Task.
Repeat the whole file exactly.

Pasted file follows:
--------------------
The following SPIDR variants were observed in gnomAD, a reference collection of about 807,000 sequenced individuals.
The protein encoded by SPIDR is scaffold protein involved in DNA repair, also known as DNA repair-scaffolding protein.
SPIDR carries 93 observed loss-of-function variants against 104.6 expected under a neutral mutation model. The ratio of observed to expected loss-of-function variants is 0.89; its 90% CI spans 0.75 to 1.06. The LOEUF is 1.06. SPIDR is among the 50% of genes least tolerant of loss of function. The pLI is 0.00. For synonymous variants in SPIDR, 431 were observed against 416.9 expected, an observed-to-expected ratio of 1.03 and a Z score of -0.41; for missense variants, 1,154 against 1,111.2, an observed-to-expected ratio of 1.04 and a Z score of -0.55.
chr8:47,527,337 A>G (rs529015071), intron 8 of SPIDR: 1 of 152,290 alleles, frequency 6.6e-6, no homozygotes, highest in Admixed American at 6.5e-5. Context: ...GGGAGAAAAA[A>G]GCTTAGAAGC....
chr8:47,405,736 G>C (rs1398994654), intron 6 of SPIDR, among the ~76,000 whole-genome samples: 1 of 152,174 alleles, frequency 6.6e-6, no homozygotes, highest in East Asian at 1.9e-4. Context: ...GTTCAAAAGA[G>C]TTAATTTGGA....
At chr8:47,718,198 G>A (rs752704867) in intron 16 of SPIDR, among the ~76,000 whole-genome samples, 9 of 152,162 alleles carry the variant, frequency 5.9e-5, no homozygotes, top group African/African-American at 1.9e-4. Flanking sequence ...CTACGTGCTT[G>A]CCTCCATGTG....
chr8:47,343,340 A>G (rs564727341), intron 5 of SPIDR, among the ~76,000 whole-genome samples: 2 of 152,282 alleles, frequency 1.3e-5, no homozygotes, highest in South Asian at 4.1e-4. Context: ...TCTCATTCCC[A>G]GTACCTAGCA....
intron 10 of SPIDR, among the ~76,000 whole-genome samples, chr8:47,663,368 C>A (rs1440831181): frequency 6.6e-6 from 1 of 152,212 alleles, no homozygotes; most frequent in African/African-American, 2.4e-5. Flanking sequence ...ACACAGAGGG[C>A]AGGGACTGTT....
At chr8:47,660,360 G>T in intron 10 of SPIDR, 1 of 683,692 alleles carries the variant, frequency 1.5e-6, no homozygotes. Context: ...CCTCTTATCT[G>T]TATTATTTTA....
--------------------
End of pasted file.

The following SPIDR variants were observed in gnomAD, a reference collection of about 807,000 sequenced individuals.
The protein encoded by SPIDR is scaffold protein involved in DNA repair, also known as DNA repair-scaffolding protein.
SPIDR carries 93 observed loss-of-function variants against 104.6 expected under a neutral mutation model. The ratio of observed to expected loss-of-function variants is 0.89; its 90% CI spans 0.75 to 1.06. The LOEUF is 1.06. SPIDR is among the 50% of genes least tolerant of loss of function. The pLI is 0.00. For synonymous variants in SPIDR, 431 were observed against 416.9 expected, an observed-to-expected ratio of 1.03 and a Z score of -0.41; for missense variants, 1,154 against 1,111.2, an observed-to-expected ratio of 1.04 and a Z score of -0.55.
chr8:47,527,337 A>G (rs529015071), intron 8 of SPIDR: 1 of 152,290 alleles, frequency 6.6e-6, no homozygotes, highest in Admixed American at 6.5e-5. Context: ...GGGAGAAAAA[A>G]GCTTAGAAGC....
chr8:47,405,736 G>C (rs1398994654), intron 6 of SPIDR, among the ~76,000 whole-genome samples: 1 of 152,174 alleles, frequency 6.6e-6, no homozygotes, highest in East Asian at 1.9e-4. Context: ...GTTCAAAAGA[G>C]TTAATTTGGA....
At chr8:47,718,198 G>A (rs752704867) in intron 16 of SPIDR, among the ~76,000 whole-genome samples, 9 of 152,162 alleles carry the variant, frequency 5.9e-5, no homozygotes, top group African/African-American at 1.9e-4. Flanking sequence ...CTACGTGCTT[G>A]CCTCCATGTG....
chr8:47,343,340 A>G (rs564727341), intron 5 of SPIDR, among the ~76,000 whole-genome samples: 2 of 152,282 alleles, frequency 1.3e-5, no homozygotes, highest in South Asian at 4.1e-4. Context: ...TCTCATTCCC[A>G]GTACCTAGCA....
intron 10 of SPIDR, among the ~76,000 whole-genome samples, chr8:47,663,368 C>A (rs1440831181): frequency 6.6e-6 from 1 of 152,212 alleles, no homozygotes; most frequent in African/African-American, 2.4e-5. Flanking sequence ...ACACAGAGGG[C>A]AGGGACTGTT....
At chr8:47,660,360 G>T in intron 10 of SPIDR, 1 of 683,692 alleles carries the variant, frequency 1.5e-6, no homozygotes. Context: ...CCTCTTATCT[G>T]TATTATTTTA....